Managing issue tracker labels

Four blank paper gift tags — white, brown, black, and white — hanging from the top of the frame.

In the post Preparing for Hacktoberfest contributors, I said you should “make sure issues are well-labeled.” But what does that mean? Labels (or tags, as some trackers call them) are pretty simple, conceptually: they’re arbitrary tags that either apply to an issue or not. But how you use them in your project can get very complicated.

Less is more

I often see people putting a lot of thought into a repository’s labels before the first issue gets filed. While this sort of planning ahead seems like a good idea, it’s really more of a premature optimization. Labels are most useful as a workflow tool or a filtering tool. For the latter to work, you need to have enough issues to need a filter in the first place. If there are only a few issues in the tracker at any given time, there’s not much utility in labels.

This implies that you shouldn’t have too many labels. As a rule of thumb, I suggest if a label doesn’t apply to at least 10 issues, you don’t need it. This is a totally made up number, but you get the idea. Adding more labels adds cognitive overhead to creating and managing issues, so you don’t want to add complexity when you don’t have to.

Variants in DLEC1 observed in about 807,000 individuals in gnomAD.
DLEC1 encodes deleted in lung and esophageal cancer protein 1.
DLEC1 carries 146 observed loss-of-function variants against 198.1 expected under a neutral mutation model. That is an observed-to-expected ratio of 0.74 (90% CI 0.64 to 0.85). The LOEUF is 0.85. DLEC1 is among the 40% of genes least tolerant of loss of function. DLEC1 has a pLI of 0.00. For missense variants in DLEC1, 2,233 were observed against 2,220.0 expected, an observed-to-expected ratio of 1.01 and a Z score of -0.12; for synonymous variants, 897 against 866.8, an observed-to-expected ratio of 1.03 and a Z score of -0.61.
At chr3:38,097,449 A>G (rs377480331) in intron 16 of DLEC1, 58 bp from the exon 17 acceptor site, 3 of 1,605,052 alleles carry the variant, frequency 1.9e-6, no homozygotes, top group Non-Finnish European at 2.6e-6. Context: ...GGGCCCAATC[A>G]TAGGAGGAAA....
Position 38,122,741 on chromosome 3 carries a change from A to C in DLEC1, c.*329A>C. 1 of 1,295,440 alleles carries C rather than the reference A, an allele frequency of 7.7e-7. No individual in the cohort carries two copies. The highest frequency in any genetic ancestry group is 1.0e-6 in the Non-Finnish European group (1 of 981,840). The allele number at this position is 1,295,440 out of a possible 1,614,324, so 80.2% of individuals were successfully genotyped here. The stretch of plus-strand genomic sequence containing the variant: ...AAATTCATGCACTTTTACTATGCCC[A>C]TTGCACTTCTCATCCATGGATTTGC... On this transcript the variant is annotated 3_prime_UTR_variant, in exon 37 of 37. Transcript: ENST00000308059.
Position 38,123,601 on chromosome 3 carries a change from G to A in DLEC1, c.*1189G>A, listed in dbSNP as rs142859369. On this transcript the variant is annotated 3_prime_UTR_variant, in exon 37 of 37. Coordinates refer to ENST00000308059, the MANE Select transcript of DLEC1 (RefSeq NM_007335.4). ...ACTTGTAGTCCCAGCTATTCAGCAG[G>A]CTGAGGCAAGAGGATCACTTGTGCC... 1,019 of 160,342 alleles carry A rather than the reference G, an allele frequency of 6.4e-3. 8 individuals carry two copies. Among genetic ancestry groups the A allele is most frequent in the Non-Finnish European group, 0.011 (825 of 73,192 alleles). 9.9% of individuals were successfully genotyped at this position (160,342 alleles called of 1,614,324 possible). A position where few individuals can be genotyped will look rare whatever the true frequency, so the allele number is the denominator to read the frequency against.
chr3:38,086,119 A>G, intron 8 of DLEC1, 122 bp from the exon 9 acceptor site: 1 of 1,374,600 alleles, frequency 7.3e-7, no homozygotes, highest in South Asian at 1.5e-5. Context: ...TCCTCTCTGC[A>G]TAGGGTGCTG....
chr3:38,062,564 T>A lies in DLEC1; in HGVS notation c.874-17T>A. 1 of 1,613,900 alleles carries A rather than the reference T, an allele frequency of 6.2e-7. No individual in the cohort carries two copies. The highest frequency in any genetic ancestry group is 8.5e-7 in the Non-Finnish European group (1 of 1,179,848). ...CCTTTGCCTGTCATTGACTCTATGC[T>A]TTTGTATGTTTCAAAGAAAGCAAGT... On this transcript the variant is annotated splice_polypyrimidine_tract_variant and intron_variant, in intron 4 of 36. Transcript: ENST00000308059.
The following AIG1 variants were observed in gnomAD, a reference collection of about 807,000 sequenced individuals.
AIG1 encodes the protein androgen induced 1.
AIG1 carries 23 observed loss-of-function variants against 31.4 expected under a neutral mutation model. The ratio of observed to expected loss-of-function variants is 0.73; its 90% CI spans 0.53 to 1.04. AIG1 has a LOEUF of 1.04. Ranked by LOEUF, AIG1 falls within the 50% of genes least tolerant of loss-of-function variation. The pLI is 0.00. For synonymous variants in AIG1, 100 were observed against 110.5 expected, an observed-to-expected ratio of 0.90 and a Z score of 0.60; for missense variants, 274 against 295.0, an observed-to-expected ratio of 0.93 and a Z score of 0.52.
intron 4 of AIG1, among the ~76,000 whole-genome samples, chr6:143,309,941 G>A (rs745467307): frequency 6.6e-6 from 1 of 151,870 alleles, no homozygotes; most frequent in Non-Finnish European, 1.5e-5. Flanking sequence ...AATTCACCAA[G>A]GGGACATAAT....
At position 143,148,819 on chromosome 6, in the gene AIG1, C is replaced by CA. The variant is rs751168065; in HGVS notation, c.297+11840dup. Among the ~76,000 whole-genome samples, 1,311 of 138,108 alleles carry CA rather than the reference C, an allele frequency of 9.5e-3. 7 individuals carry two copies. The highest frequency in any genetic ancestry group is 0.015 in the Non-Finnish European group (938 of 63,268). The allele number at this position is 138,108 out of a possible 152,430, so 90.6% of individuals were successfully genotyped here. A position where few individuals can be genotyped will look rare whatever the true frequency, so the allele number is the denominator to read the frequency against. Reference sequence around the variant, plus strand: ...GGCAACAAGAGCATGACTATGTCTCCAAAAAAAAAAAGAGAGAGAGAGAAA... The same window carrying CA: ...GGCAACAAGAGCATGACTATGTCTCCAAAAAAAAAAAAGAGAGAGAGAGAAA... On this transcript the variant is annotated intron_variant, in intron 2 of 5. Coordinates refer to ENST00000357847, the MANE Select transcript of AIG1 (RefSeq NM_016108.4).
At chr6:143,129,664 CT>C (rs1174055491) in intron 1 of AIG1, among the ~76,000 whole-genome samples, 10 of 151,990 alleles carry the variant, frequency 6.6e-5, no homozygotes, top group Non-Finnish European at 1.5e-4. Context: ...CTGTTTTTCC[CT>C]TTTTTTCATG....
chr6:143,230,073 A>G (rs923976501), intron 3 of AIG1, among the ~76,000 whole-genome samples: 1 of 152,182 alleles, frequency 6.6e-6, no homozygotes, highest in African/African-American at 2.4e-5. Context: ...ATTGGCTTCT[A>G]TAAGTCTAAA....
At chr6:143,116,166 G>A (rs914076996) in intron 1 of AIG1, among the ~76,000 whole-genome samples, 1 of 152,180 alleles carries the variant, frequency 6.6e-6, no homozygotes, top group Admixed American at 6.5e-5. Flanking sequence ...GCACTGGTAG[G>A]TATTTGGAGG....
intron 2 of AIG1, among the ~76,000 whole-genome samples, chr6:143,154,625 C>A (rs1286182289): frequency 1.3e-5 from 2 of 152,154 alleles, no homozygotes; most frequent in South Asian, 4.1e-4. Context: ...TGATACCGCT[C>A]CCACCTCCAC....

Sidebar: Labels as workaround

Here’s a hot take for you: labels are often a workaround for insufficient tracker features. What does this mean? I’ve often seen labels used to track state, indicate priority, etc. These are better served by native fields in the tracker, but popular code forges have intentionally simple issue trackers. GitLab supports “scoped labels“, which can make labels more suitable for replacing these missing features, but at the cost of having a lot more labels to choose from (and display). The appendix of Program Management for Open Source Projects and my “Your bug tracker and you” talk cover the fields you may want in your issue tracker.

Adapt your usage

Whether or not you’re trying to predict what labels are going to be important, you need to adapt how you use labels over time. What labels are unused? What labels do you wish you had? Listen to your contributors and users and find out what difficulties they encounter. What information do you wish you could report on? As your project evolves, you’ll need to evolve the metadata you’re tracking.

This post’s featured photo by Angèle Kamp on Unsplash.

Ben formerly led open source messaging at Docker and was the Fedora Program Manager. He is the author of Program Management for Open Source Projects. Ben is an Open Organization Ambassador and frequent conference speaker. His personal website is Funnel Fiasco.


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